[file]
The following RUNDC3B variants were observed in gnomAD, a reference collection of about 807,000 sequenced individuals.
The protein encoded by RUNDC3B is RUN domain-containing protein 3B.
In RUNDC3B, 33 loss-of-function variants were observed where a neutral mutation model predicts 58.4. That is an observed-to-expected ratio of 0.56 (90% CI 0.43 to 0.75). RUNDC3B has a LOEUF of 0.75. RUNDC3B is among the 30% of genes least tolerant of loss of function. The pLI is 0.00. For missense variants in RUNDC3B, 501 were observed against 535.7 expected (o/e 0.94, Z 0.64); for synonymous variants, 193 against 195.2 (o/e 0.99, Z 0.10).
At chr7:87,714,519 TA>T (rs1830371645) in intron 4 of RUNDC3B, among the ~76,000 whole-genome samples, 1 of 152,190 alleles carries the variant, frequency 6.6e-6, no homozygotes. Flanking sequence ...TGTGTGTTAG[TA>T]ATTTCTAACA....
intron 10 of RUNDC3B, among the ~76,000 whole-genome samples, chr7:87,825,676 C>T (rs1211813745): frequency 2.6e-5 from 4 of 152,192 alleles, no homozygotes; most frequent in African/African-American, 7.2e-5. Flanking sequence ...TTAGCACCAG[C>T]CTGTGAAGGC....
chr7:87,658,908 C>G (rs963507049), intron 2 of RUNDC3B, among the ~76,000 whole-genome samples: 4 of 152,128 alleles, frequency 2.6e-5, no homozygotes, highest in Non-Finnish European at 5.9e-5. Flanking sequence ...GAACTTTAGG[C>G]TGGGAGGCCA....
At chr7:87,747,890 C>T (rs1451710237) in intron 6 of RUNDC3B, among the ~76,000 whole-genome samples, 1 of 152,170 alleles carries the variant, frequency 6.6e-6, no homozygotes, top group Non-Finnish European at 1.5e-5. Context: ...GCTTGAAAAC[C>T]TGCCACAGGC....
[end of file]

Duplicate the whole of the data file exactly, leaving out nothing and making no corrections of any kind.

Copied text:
The following RUNDC3B variants were observed in gnomAD, a reference collection of about 807,000 sequenced individuals.
The protein encoded by RUNDC3B is RUN domain-containing protein 3B.
In RUNDC3B, 33 loss-of-function variants were observed where a neutral mutation model predicts 58.4. That is an observed-to-expected ratio of 0.56 (90% CI 0.43 to 0.75). RUNDC3B has a LOEUF of 0.75. RUNDC3B is among the 30% of genes least tolerant of loss of function. The pLI is 0.00. For missense variants in RUNDC3B, 501 were observed against 535.7 expected (o/e 0.94, Z 0.64); for synonymous variants, 193 against 195.2 (o/e 0.99, Z 0.10).
At chr7:87,714,519 TA>T (rs1830371645) in intron 4 of RUNDC3B, among the ~76,000 whole-genome samples, 1 of 152,190 alleles carries the variant, frequency 6.6e-6, no homozygotes. Flanking sequence ...TGTGTGTTAG[TA>T]ATTTCTAACA....
intron 10 of RUNDC3B, among the ~76,000 whole-genome samples, chr7:87,825,676 C>T (rs1211813745): frequency 2.6e-5 from 4 of 152,192 alleles, no homozygotes; most frequent in African/African-American, 7.2e-5. Flanking sequence ...TTAGCACCAG[C>T]CTGTGAAGGC....
chr7:87,658,908 C>G (rs963507049), intron 2 of RUNDC3B, among the ~76,000 whole-genome samples: 4 of 152,128 alleles, frequency 2.6e-5, no homozygotes, highest in Non-Finnish European at 5.9e-5. Flanking sequence ...GAACTTTAGG[C>G]TGGGAGGCCA....
At chr7:87,747,890 C>T (rs1451710237) in intron 6 of RUNDC3B, among the ~76,000 whole-genome samples, 1 of 152,170 alleles carries the variant, frequency 6.6e-6, no homozygotes, top group Non-Finnish European at 1.5e-5. Context: ...GCTTGAAAAC[C>T]TGCCACAGGC....